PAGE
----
Who was Thaddeus Stevens

      Thaddeus Stevens, the most powerful congressman during and after the Civil War,

changed the fabric of the United States government, helping to push it towards the promise of equality

for all.
     Immortalized in the movie Lincoln, by Steven Spielberg, Stevens was a fearless champion of
freedom and equality. During his lifetime, Stevens’s fame rivaled that of Abraham Lincoln and when he
died in 1868, his body lay in the Capitol Rotunda -- an honor previously given only to Lincoln and Sen.
Henry Clay. 20,000 people attended Stevens’s funeral in Lancaster, PA.
       He was the Father of the 14th Amendment -- the single most important amendment to the Constitution
-- and Savior of Public Education in Pennsylvania. He also helped pressure Lincoln into freeing the slaves,
developed Reconstruction policies, spearheaded the impeachment of President Andrew Johnson, and

participated in the Underground Railroad.
       Born in Danville, Vermont in 1792, his father left his family when Stevens was a child, leaving his
upbringing to his mother, Sarah Stevens, who made sure he received a good education. After
graduating from Dartmouth College, Stevens moved to Pennsylvania in 1814 where he was a teacher
for a short time in York before passing the bar and becoming a lawyer. He moved to Gettysburg in
1816 where he was elected to the state legislature in 1833. Yet, he latched onto the most improbable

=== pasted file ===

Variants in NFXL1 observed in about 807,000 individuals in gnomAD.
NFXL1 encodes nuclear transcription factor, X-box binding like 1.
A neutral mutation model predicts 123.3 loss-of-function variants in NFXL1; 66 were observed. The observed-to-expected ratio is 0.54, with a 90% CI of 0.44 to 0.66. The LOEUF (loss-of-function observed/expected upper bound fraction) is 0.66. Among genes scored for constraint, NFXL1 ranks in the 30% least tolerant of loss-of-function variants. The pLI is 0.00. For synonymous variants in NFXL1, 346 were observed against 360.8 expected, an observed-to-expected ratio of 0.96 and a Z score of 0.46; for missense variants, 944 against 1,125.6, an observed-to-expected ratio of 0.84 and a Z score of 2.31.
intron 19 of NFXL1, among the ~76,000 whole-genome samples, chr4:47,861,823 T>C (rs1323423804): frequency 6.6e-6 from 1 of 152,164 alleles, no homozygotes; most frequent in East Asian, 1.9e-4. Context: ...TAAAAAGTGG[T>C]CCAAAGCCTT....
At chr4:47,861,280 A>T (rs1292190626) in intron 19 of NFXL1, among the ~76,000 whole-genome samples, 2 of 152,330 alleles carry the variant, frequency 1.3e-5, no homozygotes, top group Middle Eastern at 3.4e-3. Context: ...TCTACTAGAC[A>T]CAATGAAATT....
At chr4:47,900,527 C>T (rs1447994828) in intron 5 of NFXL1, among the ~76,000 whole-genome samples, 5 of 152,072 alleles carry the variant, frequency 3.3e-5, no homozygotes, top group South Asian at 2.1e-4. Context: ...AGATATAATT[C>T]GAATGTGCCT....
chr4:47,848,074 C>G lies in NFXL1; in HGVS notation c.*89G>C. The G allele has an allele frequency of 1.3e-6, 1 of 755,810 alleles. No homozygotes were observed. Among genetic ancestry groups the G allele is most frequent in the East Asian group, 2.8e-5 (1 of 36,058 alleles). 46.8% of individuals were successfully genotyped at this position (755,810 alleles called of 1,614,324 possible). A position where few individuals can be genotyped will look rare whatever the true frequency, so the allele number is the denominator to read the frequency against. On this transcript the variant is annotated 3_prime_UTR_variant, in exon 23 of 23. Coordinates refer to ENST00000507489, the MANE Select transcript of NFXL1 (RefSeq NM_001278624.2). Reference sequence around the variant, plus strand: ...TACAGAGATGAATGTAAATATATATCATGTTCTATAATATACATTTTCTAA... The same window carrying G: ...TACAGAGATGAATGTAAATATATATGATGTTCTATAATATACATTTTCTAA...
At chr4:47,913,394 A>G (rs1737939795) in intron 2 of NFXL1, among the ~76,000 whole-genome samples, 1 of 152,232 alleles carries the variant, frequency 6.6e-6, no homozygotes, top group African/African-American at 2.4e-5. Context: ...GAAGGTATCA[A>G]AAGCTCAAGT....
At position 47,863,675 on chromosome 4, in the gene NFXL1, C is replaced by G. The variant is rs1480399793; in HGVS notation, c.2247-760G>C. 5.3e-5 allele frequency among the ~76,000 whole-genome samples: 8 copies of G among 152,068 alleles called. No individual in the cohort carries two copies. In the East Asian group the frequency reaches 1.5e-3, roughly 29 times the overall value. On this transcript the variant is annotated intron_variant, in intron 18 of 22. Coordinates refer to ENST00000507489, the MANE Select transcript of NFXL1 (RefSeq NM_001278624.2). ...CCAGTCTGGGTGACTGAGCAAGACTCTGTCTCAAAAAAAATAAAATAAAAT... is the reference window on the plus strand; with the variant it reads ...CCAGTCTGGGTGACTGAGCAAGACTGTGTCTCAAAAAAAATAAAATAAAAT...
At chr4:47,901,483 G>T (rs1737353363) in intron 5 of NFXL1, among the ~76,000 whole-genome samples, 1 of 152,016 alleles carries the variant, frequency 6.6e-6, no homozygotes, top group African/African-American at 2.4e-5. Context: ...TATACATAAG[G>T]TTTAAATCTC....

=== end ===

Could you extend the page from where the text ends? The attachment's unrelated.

of causes, the Anti-Mason party, a movement that blamed most of the problems of the country on
the old fraternal order of the Masons. But because of his political skills, Stevens was able to make
the Anti-Masons a force in Pennsylvania and kept it alive long after it had died elsewhere in the
      One of his most famous acts in the legislature was a speech he gave on April 11, 1835, which is
credited with turning back a repeal effort of the state’s fledgling public school system. He urged his
fellow legislators to “build not your monuments of brass or marble, but to make them of ever living
mind.” For that speech, he is called the Savior of Public Education in Pennsylvania.
      During his time in Gettysburg, he was a large property owner, started two iron mills, including one
in Caledonia near Chambersburg, PA, and helped establish Gettysburg College by getting it a state
grant of $18,000 in 1834. He served on the college’s board for 34 years and prevented it from
moving from Gettysburg in 1854.
       But he had his share of fiascoes. In 1838, Stevens and his political allies tried to steal a state
election, but the plan backfired when the Democrats brought in mobs from Philadelphia that took
over the capitol building in Harrisburg by force. During the so-called Buckshot War, Stevens and
others had to jump out a window to escape the mob. There was also Stevens’s “Tapeworm
Railroad” through the mountains of Pennsylvania, named because of its zig-zag course. After the
state pumped hundreds of thousands of dollars into the project, it was abandoned uncompleted after
Stevens lost political power in the Buckshot War.
       Stevens’s Caledonia iron works also lost money and by 1842 he was more than $200,000 in debt,
forcing him to leave Gettysburg and move to Lancaster, PA, where he could make more money as